Article  Google Scholar 

  25. Loreto, F. & Schnitzler, J.-P. Abiotic stresses and induced BVOCs. Trends Plant Sci. 15, 154–166 (2010).

    Article  Google Scholar 

  26. Peñuelas, J. et al. Biogenic volatile emissions from the soil. Plant Cell Environ. 37, 1866–1891 (2014).

    Article  Google Scholar 

  27. Poorter, H. et al. Biomass allocation to leaves, stems and roots: meta-analyses of interspecific variation and environmental control. New Phytol. 193, 30–50 (2012).

    Article  Google Scholar 

  28. Rinnan, R., Michelsen, A., Bååth, E. & Jonasson, S. Fifteen years of climate change manipulations alter soil microbial communities in a subarctic heath ecosystem. Glob. Change Biol. 13, 28–39 (2007).

    Article  Google Scholar 

  29. Geladi, P. & Kowalski, B. R. Partial least-squares regression: a tutorial. Anal. Chim. Acta 185, 1–17 (1986).

    Article  Google Scholar 

  30. Cleveland, C. C. & Yavitt, J. B. Microbial consumption of atmospheric isoprene in soil. Geophys. Res. Lett. 24, 2379–2382 (1997).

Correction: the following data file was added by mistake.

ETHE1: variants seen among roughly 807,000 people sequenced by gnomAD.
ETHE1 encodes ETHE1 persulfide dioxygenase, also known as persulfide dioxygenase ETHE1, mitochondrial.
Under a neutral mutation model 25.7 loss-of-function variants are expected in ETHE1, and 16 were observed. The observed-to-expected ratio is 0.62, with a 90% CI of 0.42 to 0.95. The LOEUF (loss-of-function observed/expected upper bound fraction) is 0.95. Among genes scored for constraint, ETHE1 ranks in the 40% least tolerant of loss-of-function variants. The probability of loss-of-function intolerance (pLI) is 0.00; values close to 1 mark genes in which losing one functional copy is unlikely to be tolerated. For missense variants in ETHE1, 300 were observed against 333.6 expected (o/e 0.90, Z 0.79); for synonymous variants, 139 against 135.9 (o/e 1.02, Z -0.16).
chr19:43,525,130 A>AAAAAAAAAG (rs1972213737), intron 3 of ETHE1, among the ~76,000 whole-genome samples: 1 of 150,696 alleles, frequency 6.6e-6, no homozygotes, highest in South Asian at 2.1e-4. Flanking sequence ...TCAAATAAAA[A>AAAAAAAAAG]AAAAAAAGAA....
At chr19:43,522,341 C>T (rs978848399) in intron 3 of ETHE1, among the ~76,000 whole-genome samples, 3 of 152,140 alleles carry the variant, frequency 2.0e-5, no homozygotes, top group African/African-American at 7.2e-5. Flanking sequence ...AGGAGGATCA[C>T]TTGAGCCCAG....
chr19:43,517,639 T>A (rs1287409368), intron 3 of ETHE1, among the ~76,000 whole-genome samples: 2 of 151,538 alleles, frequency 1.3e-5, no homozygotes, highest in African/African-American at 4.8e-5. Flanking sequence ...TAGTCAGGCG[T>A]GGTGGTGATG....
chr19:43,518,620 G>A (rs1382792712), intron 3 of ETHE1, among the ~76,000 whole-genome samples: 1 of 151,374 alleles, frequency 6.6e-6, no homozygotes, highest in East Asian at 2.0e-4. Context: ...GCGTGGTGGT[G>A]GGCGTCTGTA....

Article  Google Scholar 

  31. Jensen, L. M. & Rasch, M. (eds) NERO—Nuuk Ecological Reseach Operations 1st Annual Report 2007 (Danish Polar Center, Danish Agency for Science, Technology and Innovation, Ministry of Science, Technology and Innovation, 2008);

  32. Tholl, D. et al. Practical approaches to plant volatile analysis. Plant J. 45, 540–560 (2006).

    Article  Google Scholar 

  33. Ortega, J. et al. Approaches for quantifying reactive and low-volatility biogenic organic compound emissions by vegetation enclosure techniques—Part B: Applications. Chemosphere 72, 365–380 (2008).

    Article  Google Scholar 

  34. Jonasson, S. Evaluation of the point intercept method for the estimation of plant biomass. Oikos 52, 101–106 (1988).

    Article  Google Scholar 

  35. Jenkinson, D. S. & Powlson, D. S. The effects of biocidal treatments on metabolism in soil—V. A method for measuring soil biomass. Soil Biol. Biochem. 8, 209–213 (1976).

    Article  Google Scholar 

  36. Wehrens, R., Putter, H., Lutgarde, M. & Buydens, C. The bootstrap: a tutorial. Chemometr. Intell. Lab. 54, 35–52 (2000).

    Article  Google Scholar 

Download references